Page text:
Nature is healing itself. The clock's been reset again: it's one day since Virat Kohli's last international hundred. Indian cricket can finally move on. With nearly three years spent wondering when, why not and how, it feels like home, a player coming back to what he knows.
By his admission, Kohli's latest hundred, against Afghanistan in an Asia Cup Super 4 match, came in the format he "least expected for a century to come anytime soon."
For all the lingering uncertainty over if Kohli will ever be his old self again, there was an evident sense of relief when he took off the helmet and stood with his arms aloft.
Kohli scored 70 centuries across formats before last night. But he had badly chased this one. He stumbled through a tempestuous 1019 days when he occasionally got a good start only to see it fall sideways.
There was that 74 in Adelaide in 2020, the 72 in Chennai and the 44 in Southampton last year, the 79 in Cape Town in 2022.
Yet the immediate feeling of not converting a good start here would perhaps have been clouded with a kind of emptiness that would provoke more trepidation than excitement.
The knock in itself was trademark Kohli: he took on the opposition's two best bowlers, Mujeeb ur Rahman and Rashid Khan, and methodically tore them apart. When Mujeeb came on for his third over in the PowerPlay, he had gone for 10 in his first two.
He would go on to concede 15 to Kohli in the next six balls: Kohli began by driving a wrong'un past mid-off for four before sweeping one square of short fine for four more.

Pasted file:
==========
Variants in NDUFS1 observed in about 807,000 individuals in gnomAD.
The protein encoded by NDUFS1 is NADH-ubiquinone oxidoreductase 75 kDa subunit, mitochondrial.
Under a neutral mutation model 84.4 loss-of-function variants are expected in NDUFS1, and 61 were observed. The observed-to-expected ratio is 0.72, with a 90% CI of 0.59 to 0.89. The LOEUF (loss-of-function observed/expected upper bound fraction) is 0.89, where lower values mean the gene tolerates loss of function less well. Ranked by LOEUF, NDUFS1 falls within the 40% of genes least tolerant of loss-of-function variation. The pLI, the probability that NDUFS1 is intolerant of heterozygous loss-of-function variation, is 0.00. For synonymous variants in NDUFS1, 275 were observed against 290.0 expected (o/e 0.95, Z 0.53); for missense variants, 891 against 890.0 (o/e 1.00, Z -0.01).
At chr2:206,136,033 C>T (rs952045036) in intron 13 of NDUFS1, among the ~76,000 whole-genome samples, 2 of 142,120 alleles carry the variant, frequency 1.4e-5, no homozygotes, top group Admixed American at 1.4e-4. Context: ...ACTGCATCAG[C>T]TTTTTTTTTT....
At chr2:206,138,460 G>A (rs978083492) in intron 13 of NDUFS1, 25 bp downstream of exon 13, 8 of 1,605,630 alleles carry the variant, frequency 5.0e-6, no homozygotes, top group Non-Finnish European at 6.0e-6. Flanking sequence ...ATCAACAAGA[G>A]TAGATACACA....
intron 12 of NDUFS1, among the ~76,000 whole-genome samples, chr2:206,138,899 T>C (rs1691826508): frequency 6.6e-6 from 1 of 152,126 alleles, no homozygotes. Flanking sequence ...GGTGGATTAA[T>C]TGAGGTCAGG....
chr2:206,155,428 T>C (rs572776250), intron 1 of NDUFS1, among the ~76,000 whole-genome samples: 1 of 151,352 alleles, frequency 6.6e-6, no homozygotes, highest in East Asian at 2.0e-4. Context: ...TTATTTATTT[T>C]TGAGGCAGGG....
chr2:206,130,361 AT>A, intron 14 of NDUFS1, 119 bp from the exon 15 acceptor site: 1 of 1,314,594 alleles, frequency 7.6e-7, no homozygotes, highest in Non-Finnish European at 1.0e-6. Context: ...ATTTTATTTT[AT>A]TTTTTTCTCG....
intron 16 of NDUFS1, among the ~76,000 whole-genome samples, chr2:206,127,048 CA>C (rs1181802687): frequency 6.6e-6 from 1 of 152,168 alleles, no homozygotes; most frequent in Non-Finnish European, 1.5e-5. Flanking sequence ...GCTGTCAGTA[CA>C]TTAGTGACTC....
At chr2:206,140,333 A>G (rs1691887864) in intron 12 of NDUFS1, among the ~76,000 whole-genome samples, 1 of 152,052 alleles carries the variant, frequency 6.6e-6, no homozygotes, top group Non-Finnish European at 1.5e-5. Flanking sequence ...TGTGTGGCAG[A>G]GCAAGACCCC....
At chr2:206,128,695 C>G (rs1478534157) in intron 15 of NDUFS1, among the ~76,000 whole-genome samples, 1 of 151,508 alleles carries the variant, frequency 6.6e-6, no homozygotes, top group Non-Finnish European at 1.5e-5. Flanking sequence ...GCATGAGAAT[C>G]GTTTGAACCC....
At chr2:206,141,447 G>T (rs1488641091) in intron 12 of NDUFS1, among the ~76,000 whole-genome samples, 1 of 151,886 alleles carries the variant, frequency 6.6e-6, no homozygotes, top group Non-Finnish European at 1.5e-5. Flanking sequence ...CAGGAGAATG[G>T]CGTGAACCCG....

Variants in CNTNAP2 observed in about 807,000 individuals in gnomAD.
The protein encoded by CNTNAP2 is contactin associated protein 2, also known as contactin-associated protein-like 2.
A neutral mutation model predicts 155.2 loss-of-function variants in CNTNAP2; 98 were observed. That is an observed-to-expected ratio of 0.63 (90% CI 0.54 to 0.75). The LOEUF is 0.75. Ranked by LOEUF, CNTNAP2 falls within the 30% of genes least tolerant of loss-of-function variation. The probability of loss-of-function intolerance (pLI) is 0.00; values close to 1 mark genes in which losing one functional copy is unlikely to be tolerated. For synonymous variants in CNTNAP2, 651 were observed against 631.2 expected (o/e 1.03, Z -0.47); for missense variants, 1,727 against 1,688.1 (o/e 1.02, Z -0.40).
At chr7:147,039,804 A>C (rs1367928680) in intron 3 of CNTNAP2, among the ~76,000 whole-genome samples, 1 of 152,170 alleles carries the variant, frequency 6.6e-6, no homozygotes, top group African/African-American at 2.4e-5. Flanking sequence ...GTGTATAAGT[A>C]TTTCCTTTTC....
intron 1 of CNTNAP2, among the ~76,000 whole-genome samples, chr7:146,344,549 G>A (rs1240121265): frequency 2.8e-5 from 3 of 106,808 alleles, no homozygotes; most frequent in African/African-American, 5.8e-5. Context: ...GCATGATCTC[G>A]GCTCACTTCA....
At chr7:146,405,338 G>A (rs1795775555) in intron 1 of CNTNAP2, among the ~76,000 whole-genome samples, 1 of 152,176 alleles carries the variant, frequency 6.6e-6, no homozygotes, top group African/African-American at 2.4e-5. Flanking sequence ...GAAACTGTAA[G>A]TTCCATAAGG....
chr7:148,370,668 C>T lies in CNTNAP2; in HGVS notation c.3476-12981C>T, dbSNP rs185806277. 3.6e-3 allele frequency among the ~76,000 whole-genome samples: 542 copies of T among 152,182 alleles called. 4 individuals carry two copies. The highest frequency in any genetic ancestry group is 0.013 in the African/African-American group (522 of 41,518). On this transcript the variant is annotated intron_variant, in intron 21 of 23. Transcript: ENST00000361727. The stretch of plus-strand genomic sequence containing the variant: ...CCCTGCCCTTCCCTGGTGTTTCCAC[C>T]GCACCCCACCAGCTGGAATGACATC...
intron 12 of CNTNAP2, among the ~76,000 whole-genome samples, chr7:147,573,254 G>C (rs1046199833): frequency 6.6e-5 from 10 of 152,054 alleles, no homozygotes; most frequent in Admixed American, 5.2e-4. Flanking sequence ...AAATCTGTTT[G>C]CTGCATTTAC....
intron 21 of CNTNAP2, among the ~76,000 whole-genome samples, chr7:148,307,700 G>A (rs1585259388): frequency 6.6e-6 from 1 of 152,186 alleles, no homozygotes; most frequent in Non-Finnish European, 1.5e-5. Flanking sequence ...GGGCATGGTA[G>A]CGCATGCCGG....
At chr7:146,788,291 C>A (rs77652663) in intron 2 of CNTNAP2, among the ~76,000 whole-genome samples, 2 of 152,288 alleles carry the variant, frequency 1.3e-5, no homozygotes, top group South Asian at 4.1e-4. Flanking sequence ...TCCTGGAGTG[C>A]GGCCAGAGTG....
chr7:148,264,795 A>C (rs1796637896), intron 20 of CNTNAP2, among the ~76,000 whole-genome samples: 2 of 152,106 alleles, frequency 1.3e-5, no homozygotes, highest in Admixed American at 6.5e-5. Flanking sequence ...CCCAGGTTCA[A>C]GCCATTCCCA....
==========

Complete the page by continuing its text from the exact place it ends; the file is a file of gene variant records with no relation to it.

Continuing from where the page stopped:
He capped it off with a six over long-off, which set the tone for what followed. Kohli reached his 50 off 32 and then slammed 63 off the last 21 balls he played. How's that for acceleration?
There was nothing overtly unorthodox about the 12 fours and six sixes he hit. Kohli's batting is so far steeped in orthodoxy and technical astuteness that you sometimes feel he couldn't be unorthodox even if he tried.
His boundary count began with an inside edge past short leg but by the time it was bookended with a cover drive, he had played an entire range in between - pulls, flicks, and the occasional sweep — he almost never plays it — he practised during the training sessions at the ICC Academy here.
"I just banked on good cricketing shots always. I came to every tournament or series thinking that hitting sixes is not my biggest strength. I can do it if the situation demands, but I am better at finding gaps and hitting boundaries," Kohli told India captain Rohit Sharma during an interview for BCCI.tv.
"As long as I can hit many boundaries, it would still serve the purpose of the team. I told the coaches that I would try to hit through the gaps rather than thinking of hitting sixes - something that's needed to improve the strike rate in T20 cricket. I removed that from my system in this tournament and that helped because I could return to my template," Kohli said.
By the time the match ended, it didn't matter that it was a dead rubber or that India had just recorded its second-largest T20I win.
Relief at the end of Kohli's hundred - his first in T20Is - has now been replaced by questions of whether he should be the one opening the batting with Rohit Sharma at the T20 World Cup in Australia. But that debate is for another day.
Ever since Kohli made his international debut, it was clear he was not a cricketer to be treated by ordinary standards.
He was not merely a batting genius but one who came draped in symbolic importance - a relentless quest to excel and win.
But the last three years saw that relentlessness wobble at times, bogged down, perhaps, by the weight of his own talent. That's why Thursday night was special. His brilliance was dredged from the obvious internal struggle, which made it relatable.
In fact, it's tempting to conclude that Indian cricket would hope Kohli once again makes the ridiculous so routine that he doesn't get talked about as much as he deserves; playing perfectly will hardly be news.
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